Former Norse, depending on their year of graduation, often have drastically different accounts of what it was like to attend Northern Kentucky University
Yours might have been one of the university’s early classes, who saw the dedication of Nunn Hall in 1972 and the W. Frank Steely Library in 1975. Or maybe you shared a class with George Clooney in the early 1980s, when a communications boom spawned dozens of new majors and the immediately beloved WNKU
If, like me, you attended NKU in the aughts, you probably celebrated the arrival of the Natural Science Center (since it meant a welcome reprieve from entire days spent in Landrum, score!). Perhaps you mourned the passing of Gus, the giant poodle who served as Honors House mascot and resident pizza-swindler.
Regardless of which chapter you claim in NKU’s storied history, though, if you haven’t visited the campus lately you’re in for a pleasant surprise.
A millennial makeover comes to campus
For decades, NKU’s footprint consisted primarily of academic and administrative buildings from the 1970s and ’80s, an age when blocky, nondescript construction trends excluded the university from serious architectural discussions.
That all began to change about 10 years ago, when NKU secured state funding for the dramatically modern Votruba Student Union
and Griffin Hall
, whose award-winning, LEED-certified designs feature collaborative spaces that promote innovation through interaction.
That beginning of NKU’s physical transformation doesn’t appear to be slowing anytime soon.
Built in 1984, NKU’s original Campus Recreation Center
was designed to accommodate the school’s then-population of 8,000. Following a $48-million renovation completed last fall, the center now serves as an activities hub for more than 15,000 community members.
The 18-month project included a facelift for NKU’s intramural sports fields and expanded the center itself from 84,000 to 169,000 square feet, with new features that include:
• LEED-certified geothermal heating and cooling;
• 375,000 gallons of aquatic space;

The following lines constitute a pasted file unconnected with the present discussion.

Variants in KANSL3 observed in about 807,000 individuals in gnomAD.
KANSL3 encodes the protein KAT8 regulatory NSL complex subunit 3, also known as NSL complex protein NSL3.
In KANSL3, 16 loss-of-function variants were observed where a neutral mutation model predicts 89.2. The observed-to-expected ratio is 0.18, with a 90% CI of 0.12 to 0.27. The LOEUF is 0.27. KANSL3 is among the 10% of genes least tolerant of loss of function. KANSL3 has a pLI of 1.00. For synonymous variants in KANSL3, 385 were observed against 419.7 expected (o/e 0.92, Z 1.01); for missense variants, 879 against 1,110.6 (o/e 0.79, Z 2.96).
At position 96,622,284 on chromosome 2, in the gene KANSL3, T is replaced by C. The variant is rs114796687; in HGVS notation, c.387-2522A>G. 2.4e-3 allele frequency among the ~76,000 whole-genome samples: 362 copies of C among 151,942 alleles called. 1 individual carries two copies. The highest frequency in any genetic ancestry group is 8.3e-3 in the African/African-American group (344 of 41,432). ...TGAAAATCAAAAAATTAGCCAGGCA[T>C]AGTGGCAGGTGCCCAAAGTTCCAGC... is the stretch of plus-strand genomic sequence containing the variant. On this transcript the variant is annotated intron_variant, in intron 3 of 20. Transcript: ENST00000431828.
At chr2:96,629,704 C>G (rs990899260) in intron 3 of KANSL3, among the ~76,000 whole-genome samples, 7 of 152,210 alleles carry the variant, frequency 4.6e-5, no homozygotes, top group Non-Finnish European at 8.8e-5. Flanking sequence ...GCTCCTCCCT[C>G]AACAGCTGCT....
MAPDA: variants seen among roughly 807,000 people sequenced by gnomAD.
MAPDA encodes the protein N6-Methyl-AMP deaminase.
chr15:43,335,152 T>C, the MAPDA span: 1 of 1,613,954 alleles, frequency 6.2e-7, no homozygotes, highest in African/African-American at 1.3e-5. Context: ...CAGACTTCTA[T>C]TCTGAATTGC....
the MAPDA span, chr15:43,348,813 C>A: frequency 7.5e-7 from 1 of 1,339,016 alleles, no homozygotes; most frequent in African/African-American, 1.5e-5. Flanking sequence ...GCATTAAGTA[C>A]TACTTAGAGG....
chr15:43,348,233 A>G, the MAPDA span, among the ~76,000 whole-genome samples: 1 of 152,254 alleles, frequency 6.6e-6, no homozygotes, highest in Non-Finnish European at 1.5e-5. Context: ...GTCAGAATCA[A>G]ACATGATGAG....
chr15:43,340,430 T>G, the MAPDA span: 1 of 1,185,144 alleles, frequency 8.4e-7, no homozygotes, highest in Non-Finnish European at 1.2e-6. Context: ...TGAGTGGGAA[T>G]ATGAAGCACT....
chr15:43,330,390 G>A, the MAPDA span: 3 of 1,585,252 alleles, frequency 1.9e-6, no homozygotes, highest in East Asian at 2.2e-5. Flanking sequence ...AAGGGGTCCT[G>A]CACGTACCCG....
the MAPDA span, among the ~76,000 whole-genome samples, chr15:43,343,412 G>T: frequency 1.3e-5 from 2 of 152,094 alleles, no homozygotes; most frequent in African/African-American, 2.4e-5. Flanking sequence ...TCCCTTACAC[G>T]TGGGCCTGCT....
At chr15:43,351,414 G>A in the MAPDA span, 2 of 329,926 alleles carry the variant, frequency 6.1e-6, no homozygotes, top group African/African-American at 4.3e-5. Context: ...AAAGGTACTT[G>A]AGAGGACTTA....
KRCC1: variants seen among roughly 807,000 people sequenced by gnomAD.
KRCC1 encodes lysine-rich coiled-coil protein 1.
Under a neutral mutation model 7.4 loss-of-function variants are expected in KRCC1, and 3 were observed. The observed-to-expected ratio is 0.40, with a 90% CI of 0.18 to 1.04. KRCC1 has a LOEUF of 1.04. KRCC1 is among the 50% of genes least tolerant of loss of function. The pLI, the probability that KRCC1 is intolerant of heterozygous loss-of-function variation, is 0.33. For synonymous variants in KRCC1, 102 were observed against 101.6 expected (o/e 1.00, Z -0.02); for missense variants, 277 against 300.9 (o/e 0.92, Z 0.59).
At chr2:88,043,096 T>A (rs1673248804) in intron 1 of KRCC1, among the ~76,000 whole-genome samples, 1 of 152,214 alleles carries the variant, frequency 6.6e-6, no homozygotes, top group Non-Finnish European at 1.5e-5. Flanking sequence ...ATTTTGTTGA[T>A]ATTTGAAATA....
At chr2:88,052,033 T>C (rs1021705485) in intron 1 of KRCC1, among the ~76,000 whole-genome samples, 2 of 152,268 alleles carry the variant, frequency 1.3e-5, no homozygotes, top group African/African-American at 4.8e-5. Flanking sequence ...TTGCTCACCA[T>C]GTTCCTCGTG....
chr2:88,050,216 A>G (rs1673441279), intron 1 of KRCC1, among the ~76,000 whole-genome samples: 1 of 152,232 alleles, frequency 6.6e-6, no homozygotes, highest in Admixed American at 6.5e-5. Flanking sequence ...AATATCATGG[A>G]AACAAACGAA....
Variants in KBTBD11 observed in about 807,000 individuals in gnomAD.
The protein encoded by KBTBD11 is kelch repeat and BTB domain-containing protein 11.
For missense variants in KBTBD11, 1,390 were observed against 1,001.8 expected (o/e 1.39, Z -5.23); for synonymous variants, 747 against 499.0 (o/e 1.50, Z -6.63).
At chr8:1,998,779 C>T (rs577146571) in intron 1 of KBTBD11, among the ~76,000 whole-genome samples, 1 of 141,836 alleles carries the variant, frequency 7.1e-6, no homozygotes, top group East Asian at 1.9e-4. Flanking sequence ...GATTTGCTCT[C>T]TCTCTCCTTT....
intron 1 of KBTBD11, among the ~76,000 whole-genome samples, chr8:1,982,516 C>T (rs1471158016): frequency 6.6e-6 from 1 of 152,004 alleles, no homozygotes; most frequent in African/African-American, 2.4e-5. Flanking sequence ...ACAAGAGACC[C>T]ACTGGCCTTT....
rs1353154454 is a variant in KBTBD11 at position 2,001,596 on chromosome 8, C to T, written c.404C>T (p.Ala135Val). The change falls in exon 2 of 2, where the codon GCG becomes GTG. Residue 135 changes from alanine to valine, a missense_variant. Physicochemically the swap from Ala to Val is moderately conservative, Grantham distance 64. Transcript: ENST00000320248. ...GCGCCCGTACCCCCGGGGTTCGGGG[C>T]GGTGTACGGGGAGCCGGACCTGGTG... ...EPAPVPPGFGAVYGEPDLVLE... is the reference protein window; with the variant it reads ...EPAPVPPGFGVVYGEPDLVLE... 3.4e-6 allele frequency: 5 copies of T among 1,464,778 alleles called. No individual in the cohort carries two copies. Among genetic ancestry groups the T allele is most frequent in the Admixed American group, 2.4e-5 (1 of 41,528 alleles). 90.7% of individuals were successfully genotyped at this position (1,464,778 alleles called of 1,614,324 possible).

• Partially submerged bouldering wall;
• Multi-activity courts;
• Deep-water diving well; and
• Common spaces for individual group study and events
“Our students told us they wanted state-of-the-art facilities, and we listened,” NKU President Geoffrey Mearns says. “We are pleased to offer this wonderful new recreation center for use by our students, faculty, staff and the community.”
At another groundbreaking ceremony last October, then-Gov. Steve Beshear and regional health care officials kicked off a new Health Innovation Center
that will house NKU’s College of Health Professions when it opens in 2018. The project involves renovating NKU’s second-oldest academic building, Founders Hall, and constructing an additional 95,492-square-foot facility.
St. Elizabeth Healthcare invested $8 million in the project for the addition of a two-story St. Elizabeth Healthcare Simulation Center
, where transdisciplinary teams of healthcare professionals, data experts, psychologists and others will collaborate to solve complex health challenges.
Change from the inside out
In addition improving the look and feel of the physical campus, many of NKU’s planned infrastructural changes represent the first of their kind in the nation. Arguably the most noteworthy in that regard is the university’s revolutionary College of Informatics
, currently celebrating its 10th anniversary.
The college was introduced as a means of aggregating NKU’s information-related resources — from journalism to cyber-security, health informatics, data science and others — in an effort to tackle modern information-technology challenges.
“Informatics is an umbrella for all these fields,” Informatics Dean Kevin Kirby says. “Communication is a huge part of that. Because of the profound and sometimes threatening impact digital innovations have on our lives, it’s important not to just train narrow tech experts but to produce true renaissance people who are savvy and insightful. The demand for such graduates is exceptionally strong.”